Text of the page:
The Polio Paradox – Richard L. Bruno H.D., Ph. D.

I read this book because it was recommend by the specialist that originally
diagnosed my M.E., Dr Elizabeth Dowsett.

She actually gives the book a recommendation on the back cover. I was diagnosed
in 1994 and have fairly religiously stuck to her advice but there was only so
much information that could be passed to me in a consultation.

Reading this book really felt like a detailed explanation of everything I was
told. It gave me a much greater understanding of my illness and a valuable source
for of reference for discussions with illness disbelievers.

It actually took me a lot of will power to read this book as I hate anything
vaguely medical or Biological. This book starts off in an investigative sort
of way and there was only about one chapter where I struggled to keep interested.
This predictably was the detailed explanation of how Polio invaded the body
and caused it’s trouble.

I of course had an extra problem to contend with here. I am an ME sufferer
and I was vaccinated against Polio so I can’t have Polio or Post Polio Syndrome
(PPS). As I read the book though I couldn’t help noticing how 90% of the symptoms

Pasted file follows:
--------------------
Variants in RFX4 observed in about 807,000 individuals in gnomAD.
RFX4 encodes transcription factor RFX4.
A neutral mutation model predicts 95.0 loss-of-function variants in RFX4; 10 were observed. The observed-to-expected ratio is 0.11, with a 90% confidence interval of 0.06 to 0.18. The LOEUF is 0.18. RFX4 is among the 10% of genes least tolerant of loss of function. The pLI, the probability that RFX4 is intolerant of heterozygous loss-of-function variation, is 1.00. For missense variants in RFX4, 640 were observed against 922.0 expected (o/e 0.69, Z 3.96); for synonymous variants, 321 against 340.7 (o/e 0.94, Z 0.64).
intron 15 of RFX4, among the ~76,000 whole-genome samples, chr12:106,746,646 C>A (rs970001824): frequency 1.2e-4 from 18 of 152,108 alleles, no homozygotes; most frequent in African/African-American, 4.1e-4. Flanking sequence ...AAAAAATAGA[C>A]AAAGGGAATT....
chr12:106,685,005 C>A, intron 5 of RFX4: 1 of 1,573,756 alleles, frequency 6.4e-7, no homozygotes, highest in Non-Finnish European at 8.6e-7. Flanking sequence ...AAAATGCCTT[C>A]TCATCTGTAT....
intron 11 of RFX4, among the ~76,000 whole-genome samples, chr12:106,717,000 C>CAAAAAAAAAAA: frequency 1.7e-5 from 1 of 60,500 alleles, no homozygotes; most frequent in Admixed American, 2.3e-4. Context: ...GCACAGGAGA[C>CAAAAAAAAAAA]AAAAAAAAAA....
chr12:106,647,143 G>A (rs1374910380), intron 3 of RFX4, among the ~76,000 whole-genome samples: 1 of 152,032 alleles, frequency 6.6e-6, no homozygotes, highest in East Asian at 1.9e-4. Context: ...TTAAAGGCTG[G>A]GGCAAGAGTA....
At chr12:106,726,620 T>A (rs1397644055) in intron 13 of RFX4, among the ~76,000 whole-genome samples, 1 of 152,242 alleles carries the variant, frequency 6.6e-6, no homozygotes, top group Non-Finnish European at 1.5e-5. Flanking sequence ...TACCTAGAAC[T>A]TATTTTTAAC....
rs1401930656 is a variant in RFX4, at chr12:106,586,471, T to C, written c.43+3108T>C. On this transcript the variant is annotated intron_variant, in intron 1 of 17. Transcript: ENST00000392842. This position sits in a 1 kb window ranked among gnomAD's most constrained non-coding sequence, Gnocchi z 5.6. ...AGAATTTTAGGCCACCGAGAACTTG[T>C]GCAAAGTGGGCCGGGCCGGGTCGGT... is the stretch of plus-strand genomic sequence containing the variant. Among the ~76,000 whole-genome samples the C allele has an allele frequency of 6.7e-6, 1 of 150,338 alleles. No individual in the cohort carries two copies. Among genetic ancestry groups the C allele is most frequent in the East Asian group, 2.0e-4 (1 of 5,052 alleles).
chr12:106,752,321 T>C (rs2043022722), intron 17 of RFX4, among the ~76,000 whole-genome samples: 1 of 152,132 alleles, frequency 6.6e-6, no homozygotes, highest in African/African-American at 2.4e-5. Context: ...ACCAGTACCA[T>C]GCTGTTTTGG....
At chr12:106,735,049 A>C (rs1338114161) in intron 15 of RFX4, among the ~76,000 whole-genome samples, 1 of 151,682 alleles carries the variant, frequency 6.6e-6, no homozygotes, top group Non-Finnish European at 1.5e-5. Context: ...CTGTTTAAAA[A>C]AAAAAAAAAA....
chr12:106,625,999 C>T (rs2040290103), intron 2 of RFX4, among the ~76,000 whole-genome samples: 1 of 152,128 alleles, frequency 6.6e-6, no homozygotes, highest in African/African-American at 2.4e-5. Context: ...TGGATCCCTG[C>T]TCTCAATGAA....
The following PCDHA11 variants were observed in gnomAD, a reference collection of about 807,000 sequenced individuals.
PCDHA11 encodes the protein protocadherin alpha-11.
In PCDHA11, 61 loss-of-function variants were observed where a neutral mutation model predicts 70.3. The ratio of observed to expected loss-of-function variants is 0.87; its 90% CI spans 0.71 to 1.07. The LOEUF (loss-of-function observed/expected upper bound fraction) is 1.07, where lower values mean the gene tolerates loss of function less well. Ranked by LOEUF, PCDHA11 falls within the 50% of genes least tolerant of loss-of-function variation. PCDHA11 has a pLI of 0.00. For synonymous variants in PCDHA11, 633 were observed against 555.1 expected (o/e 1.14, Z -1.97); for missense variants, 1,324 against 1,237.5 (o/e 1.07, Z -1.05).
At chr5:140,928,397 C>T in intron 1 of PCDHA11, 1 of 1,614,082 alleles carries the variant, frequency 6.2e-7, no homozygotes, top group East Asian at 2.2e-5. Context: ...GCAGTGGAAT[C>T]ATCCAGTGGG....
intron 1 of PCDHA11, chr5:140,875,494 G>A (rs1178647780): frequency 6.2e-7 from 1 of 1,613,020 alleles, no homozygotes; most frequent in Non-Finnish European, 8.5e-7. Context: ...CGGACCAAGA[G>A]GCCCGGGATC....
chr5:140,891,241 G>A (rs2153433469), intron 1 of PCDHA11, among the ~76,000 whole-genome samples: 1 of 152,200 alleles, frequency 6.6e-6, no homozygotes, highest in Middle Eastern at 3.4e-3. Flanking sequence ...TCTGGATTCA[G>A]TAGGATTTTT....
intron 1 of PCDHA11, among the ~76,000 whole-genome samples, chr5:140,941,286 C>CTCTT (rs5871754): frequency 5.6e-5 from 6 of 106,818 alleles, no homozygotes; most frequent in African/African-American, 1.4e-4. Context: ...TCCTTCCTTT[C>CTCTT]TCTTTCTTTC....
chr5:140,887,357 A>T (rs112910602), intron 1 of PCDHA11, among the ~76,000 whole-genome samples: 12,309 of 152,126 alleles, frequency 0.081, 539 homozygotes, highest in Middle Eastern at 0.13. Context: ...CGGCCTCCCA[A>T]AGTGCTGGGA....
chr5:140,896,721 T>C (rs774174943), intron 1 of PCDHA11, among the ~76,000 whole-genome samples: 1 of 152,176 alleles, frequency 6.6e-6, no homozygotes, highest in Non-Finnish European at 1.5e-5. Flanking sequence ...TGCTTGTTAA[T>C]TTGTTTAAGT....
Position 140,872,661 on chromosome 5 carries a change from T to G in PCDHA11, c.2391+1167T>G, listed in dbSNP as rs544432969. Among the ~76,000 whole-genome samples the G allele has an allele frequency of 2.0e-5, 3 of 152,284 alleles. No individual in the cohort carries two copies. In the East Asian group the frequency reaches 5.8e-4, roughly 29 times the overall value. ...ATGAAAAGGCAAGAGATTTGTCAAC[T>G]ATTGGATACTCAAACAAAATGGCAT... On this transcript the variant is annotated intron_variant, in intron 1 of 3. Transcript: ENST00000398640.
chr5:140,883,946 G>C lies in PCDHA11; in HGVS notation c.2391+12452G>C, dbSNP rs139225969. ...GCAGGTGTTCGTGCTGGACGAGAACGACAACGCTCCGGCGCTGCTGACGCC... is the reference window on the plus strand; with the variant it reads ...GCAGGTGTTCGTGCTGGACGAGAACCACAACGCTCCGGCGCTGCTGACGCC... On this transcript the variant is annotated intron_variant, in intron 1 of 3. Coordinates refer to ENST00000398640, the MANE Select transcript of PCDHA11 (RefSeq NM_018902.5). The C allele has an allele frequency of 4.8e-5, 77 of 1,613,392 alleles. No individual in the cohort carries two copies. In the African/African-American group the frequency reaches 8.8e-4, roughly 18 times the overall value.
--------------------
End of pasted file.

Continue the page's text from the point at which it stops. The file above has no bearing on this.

fitted my case. (This is most unusual for ME. I find my symptoms tend to only
match 50% of other sufferers). I was therefore wondering all the way through
what the link between Polio and ME would be. It was great getting explanations
for my being colder than most people, my legs and brain more tired. To have
a believable explanation model in print is invaluable for explaining to doctors,
consultants and general disbelievers. I am also convinced it explains what has
happened with the three other ME sufferers I know. I have discussed it with
one but I still need to contact my other friends.

I think if an ME sufferer is to read this book, and they or someone close to
them should, then I would recommend they read Chapter 17: Fatigue By Any Other
Name first. This will at least then give the reader scope to chat about what
they’re reading in a more knowledgeable way as they are reading it. I found
this book so interesting I wanted to discuss it with my partner almost chapter
by chapter but I could not explain what the ultimate relationship to me was
going to be so I didn’t know if I was becoming a hypochondriac who was not aware
they were getting phantom symptoms.

This book is also of interest to Chronic Fatigue Syndrome, Gulf War Syndrome,
and Fibromyalgia sufferers among others. Again I recommend getting the context
first by reading Chapter 17 out of order.